Our Take: On Trading Basics, Palm Has No Comparison


Ross' Take


Palm is a truly singular, exciting new group – special emphasis on the singular part.

Anybody who reads music reviews knows that one of the critic’s most useful tools (crutches?) is the comparison.  If your endgame is to convey to the reader – in text – some idea of an artist’s sound, then the comparison is the obvious shortcut: X sounds a lot like Y and kind of like Z. Comparison has a narrative function too. It tells a story by disclosing a context, connecting the artist and his or her music to influential precursors and like-minded contemporaries.

So what does one do when comparisons fail?

Trading Basics - Palm
Trading Basics – Palm

Writing about the Philadelphia-by-of-way-of-Bard College band’s excellent debut album Trading Basics (out November 6, 2015 via Inflated Records/Exploding in Sound Records) is kind of like wandering into unknown comparative territory. Categorization of the band’s knotty, discordant and often beautiful music is an exercise in “almost-sort-of” and “kinda-but-not-really”. It’s rock music… at least in terms of instrumentation. It’s punk… in spirit. It’s certainly virtuosic… but probably not in the way you’re thinking.

That’s not to say that Palm comes out of nowhere. The band certainly falls under the Velvet Underground/Captain Beefheart umbrella of rock experimentalism and has an affinity with avant-pop groups like Erase Errata and Deerhoof (bands with whom Trading Basic’s producer Eli Crews has worked), or even the late, great Krill. But all these comparison feel off because Palm is that rare band that has its own thing.

Listen: “Time Times Three” – Palm

That thing manifests itself on the album opener “Time Times Three,” a short instrumental track. Though the song doesn’t feature drums or bass, the guitar interplay between founders/singers/guitarists Eve Alpert and Kasra Kurt is key. They start with gleaming trills and then open it up slightly. One plays trebly appregiated chords in a repetitious, rhythmic and hypnotic way while the other, with a slightly more overdriven guitar, provides a backdrop of off-kilter tones, sliding up and down the guitar neck. It’s wonderful, weird, and only half of what Palm can do.

The following tune “Crank” is a full band endeavor and one of the best songs on the record. The bass and drums, courtesy of Gerasimos Livitanos and Hugo Stanley respectively, are simply fantastic, locked-in with jazzy, driving grooves built around odd time signatures and quick shifts that deftly serve the dissonant twang and clang of the guitars.

Listen: “Crank” – Palm

Meanwhile the dreamy, ethereal vocals seem to float above the music, enticingly melodic and immune to, yet synchronous with the instrumental frenzy. Alpert sings lines like:

“If you can’t get home for supper,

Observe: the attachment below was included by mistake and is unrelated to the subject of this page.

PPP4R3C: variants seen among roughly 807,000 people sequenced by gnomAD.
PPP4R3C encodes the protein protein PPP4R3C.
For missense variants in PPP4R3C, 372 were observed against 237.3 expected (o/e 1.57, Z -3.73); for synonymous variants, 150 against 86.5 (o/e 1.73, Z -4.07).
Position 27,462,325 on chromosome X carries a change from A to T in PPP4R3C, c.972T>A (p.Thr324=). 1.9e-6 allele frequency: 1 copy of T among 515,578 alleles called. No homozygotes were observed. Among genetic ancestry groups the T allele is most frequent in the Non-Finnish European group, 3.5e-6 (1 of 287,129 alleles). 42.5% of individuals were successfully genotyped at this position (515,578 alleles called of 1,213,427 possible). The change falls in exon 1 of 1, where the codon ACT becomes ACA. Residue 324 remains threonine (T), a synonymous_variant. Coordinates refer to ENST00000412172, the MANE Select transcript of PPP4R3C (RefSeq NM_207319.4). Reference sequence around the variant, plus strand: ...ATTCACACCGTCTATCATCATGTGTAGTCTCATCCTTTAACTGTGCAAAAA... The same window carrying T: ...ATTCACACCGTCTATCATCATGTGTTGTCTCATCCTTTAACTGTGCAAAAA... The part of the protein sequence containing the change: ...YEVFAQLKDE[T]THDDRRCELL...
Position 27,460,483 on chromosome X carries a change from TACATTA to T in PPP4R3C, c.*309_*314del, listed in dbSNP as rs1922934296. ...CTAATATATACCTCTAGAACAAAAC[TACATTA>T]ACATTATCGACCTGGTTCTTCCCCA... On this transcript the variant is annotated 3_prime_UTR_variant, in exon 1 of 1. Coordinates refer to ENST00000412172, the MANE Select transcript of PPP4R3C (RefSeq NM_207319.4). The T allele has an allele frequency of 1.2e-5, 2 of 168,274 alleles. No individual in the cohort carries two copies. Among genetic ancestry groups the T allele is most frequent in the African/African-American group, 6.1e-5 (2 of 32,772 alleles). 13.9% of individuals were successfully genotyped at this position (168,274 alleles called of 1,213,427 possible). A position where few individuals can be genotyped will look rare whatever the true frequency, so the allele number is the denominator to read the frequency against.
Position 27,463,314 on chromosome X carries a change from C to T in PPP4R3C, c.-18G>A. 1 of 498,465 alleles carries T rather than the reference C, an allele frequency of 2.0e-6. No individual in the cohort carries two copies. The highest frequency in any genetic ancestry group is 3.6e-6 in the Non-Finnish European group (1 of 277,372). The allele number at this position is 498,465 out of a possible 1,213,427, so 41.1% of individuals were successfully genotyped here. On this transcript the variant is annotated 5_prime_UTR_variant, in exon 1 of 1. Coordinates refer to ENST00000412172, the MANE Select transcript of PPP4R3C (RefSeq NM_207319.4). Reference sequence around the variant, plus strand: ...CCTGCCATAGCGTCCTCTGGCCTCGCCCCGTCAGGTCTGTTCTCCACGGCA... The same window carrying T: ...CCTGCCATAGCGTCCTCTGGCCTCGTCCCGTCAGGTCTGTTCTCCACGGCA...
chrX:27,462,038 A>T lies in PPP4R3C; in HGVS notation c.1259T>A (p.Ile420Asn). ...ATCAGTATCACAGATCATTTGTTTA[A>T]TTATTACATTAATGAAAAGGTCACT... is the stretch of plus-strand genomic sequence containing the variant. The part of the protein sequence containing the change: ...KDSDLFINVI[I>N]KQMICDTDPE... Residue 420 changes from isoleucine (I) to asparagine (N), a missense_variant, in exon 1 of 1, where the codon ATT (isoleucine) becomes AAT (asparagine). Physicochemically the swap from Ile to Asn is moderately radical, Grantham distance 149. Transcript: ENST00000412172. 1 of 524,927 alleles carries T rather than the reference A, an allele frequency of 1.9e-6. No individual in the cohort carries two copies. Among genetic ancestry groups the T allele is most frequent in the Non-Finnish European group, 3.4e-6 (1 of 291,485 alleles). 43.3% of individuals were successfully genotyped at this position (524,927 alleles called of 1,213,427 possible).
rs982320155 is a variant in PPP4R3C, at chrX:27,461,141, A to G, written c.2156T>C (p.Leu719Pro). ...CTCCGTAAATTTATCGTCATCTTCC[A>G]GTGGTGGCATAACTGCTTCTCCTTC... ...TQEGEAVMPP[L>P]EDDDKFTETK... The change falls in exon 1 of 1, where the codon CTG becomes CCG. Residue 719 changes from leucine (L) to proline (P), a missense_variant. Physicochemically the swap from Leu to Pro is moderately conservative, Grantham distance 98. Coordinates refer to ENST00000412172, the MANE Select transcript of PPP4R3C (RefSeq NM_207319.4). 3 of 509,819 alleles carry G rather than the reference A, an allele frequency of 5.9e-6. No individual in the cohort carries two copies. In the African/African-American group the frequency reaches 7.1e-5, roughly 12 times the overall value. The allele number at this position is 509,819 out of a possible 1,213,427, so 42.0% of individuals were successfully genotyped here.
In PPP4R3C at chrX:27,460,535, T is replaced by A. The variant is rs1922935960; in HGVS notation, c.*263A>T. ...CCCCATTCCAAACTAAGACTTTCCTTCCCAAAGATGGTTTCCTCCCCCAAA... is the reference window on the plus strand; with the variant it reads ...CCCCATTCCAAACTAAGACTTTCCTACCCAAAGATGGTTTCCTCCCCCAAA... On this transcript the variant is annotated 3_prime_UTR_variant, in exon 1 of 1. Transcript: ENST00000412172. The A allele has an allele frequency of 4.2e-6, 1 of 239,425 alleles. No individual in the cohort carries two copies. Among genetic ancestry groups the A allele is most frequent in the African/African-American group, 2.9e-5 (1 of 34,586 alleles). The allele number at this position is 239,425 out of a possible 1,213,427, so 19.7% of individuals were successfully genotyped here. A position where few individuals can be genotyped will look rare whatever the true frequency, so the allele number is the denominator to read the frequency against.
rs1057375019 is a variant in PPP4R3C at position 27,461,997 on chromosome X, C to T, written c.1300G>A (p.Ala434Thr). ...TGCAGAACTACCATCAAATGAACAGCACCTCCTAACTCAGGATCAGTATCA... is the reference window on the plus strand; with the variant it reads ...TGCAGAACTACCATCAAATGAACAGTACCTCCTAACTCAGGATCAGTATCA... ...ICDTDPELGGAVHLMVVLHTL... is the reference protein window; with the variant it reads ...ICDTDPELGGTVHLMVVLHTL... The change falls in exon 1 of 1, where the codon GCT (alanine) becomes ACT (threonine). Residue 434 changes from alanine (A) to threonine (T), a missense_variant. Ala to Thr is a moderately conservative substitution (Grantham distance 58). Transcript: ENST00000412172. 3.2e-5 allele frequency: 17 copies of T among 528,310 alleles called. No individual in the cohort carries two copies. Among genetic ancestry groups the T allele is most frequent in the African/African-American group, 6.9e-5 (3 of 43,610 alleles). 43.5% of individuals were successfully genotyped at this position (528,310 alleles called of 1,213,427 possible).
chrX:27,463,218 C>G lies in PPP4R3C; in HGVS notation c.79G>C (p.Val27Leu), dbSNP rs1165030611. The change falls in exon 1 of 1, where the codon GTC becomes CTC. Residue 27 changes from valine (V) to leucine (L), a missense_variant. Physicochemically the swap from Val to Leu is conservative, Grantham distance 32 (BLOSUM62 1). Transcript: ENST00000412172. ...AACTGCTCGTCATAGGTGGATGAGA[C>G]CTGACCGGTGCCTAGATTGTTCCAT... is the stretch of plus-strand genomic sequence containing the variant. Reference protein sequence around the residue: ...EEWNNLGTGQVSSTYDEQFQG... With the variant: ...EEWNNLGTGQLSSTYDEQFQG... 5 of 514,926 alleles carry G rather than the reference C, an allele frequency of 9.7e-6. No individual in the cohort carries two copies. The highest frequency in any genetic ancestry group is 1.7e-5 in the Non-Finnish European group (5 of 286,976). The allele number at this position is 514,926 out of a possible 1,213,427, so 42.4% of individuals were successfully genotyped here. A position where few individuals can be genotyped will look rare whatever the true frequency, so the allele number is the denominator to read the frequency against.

You might just have to suffer”

And more importantly:

“Take it as you will”

The latter line serves as a meta-comment on the band’s sound: Comparisons will fail, so one has to sit back and hear the virtuosic whole.

But that isn’t to say Trading Basics is a record to be more admired than enjoyed. On the contrary, Palm has hooks too. The most instantly accessible song on the record, “Egg in a Frame,” is a veritable indie-rock anthem. It’s a little bit less fragmented-sounding than some of the other tracks, but is still charmingly odd – almost psychedelic.

Listen: “Egg In A Frame” – Palm

The band falls into the pocket early at the song’s outset and after about a minute things seems to break down into characteristically fractured Palm. But the chaos resolves into the pulsing outro with Alpert and Kurt singing in harmony:

“It’s the kind of lie you like to tell”

It’s an angsty barb – one meant to hurt – turned into a rallying cry. Listeners can both project themselves and their lives upon the evocative lyric, while soaking in an undeniably catchy melody set to driving rock and roll.

Other more hook or groove oriented songs include “Ankles,” “Child Actor,” and album closer “Scribe,” but really every song on the record has its merits, recovering something remarkably tuneful from dense webs of sound. Palm’s music seems cacophonous until at a certain point, you realize that every odd bit and piece is governed by an enveloping sense of logic.

Obvious deliberation goes into each part of the sound no matter how fractured or unexpected it may seem. And this bears itself out with repeated listens. The band’s music often seems effortless, but it’s not improv. One senses that everything is in its place, and that it’s in that place for a reason. Every piece of each song fits together like the toothed gears in some complex machine. But then, Palm’s not a machine. Their music is deeply human in a way that particular metaphor doesn’t convey – the comparisons are always just a little off.

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